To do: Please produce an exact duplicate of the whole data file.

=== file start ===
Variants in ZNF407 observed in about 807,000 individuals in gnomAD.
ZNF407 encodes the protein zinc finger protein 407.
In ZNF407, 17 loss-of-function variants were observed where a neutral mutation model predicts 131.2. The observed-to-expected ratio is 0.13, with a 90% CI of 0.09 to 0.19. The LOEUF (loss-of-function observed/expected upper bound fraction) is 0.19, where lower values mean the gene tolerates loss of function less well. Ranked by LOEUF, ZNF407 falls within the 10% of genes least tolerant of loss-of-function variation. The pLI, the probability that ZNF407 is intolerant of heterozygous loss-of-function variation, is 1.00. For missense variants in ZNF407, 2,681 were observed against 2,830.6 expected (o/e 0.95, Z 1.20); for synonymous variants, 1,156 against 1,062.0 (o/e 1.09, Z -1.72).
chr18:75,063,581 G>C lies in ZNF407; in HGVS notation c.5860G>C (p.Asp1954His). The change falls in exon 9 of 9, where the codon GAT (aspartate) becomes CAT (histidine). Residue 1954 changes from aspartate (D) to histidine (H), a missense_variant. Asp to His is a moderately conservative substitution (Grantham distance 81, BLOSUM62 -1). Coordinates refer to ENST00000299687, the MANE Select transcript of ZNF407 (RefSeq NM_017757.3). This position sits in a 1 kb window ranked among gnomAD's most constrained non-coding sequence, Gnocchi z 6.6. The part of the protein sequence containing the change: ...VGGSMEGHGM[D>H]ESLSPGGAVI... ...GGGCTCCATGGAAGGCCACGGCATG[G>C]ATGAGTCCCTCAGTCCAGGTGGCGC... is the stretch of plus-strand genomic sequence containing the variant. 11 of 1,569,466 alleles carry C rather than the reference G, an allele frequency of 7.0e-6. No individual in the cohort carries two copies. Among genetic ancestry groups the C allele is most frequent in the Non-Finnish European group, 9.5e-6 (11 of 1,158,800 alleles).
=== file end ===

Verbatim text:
Variants in ZNF407 observed in about 807,000 individuals in gnomAD.
ZNF407 encodes the protein zinc finger protein 407.
In ZNF407, 17 loss-of-function variants were observed where a neutral mutation model predicts 131.2. The observed-to-expected ratio is 0.13, with a 90% CI of 0.09 to 0.19. The LOEUF (loss-of-function observed/expected upper bound fraction) is 0.19, where lower values mean the gene tolerates loss of function less well. Ranked by LOEUF, ZNF407 falls within the 10% of genes least tolerant of loss-of-function variation. The pLI, the probability that ZNF407 is intolerant of heterozygous loss-of-function variation, is 1.00. For missense variants in ZNF407, 2,681 were observed against 2,830.6 expected (o/e 0.95, Z 1.20); for synonymous variants, 1,156 against 1,062.0 (o/e 1.09, Z -1.72).
chr18:75,063,581 G>C lies in ZNF407; in HGVS notation c.5860G>C (p.Asp1954His). The change falls in exon 9 of 9, where the codon GAT (aspartate) becomes CAT (histidine). Residue 1954 changes from aspartate (D) to histidine (H), a missense_variant. Asp to His is a moderately conservative substitution (Grantham distance 81, BLOSUM62 -1). Coordinates refer to ENST00000299687, the MANE Select transcript of ZNF407 (RefSeq NM_017757.3). This position sits in a 1 kb window ranked among gnomAD's most constrained non-coding sequence, Gnocchi z 6.6. The part of the protein sequence containing the change: ...VGGSMEGHGM[D>H]ESLSPGGAVI... ...GGGCTCCATGGAAGGCCACGGCATG[G>C]ATGAGTCCCTCAGTCCAGGTGGCGC... is the stretch of plus-strand genomic sequence containing the variant. 11 of 1,569,466 alleles carry C rather than the reference G, an allele frequency of 7.0e-6. No individual in the cohort carries two copies. Among genetic ancestry groups the C allele is most frequent in the Non-Finnish European group, 9.5e-6 (11 of 1,158,800 alleles).